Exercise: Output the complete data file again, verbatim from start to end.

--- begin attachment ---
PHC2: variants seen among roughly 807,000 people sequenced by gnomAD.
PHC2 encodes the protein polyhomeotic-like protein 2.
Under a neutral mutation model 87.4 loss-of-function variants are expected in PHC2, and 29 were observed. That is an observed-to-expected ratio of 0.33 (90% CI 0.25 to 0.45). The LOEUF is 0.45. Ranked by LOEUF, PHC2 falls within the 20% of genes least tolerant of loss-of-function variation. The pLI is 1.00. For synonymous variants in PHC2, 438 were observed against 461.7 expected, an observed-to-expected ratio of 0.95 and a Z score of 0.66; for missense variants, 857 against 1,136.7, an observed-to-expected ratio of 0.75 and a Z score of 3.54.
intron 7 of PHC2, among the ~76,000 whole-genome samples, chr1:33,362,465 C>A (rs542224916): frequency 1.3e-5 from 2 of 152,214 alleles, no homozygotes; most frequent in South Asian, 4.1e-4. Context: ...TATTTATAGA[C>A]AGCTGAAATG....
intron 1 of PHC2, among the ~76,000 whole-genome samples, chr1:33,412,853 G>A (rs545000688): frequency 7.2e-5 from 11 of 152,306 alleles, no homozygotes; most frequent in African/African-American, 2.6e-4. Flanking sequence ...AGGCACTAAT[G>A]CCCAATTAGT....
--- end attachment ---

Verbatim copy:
PHC2: variants seen among roughly 807,000 people sequenced by gnomAD.
PHC2 encodes the protein polyhomeotic-like protein 2.
Under a neutral mutation model 87.4 loss-of-function variants are expected in PHC2, and 29 were observed. That is an observed-to-expected ratio of 0.33 (90% CI 0.25 to 0.45). The LOEUF is 0.45. Ranked by LOEUF, PHC2 falls within the 20% of genes least tolerant of loss-of-function variation. The pLI is 1.00. For synonymous variants in PHC2, 438 were observed against 461.7 expected, an observed-to-expected ratio of 0.95 and a Z score of 0.66; for missense variants, 857 against 1,136.7, an observed-to-expected ratio of 0.75 and a Z score of 3.54.
intron 7 of PHC2, among the ~76,000 whole-genome samples, chr1:33,362,465 C>A (rs542224916): frequency 1.3e-5 from 2 of 152,214 alleles, no homozygotes; most frequent in South Asian, 4.1e-4. Context: ...TATTTATAGA[C>A]AGCTGAAATG....
intron 1 of PHC2, among the ~76,000 whole-genome samples, chr1:33,412,853 G>A (rs545000688): frequency 7.2e-5 from 11 of 152,306 alleles, no homozygotes; most frequent in African/African-American, 2.6e-4. Flanking sequence ...AGGCACTAAT[G>A]CCCAATTAGT....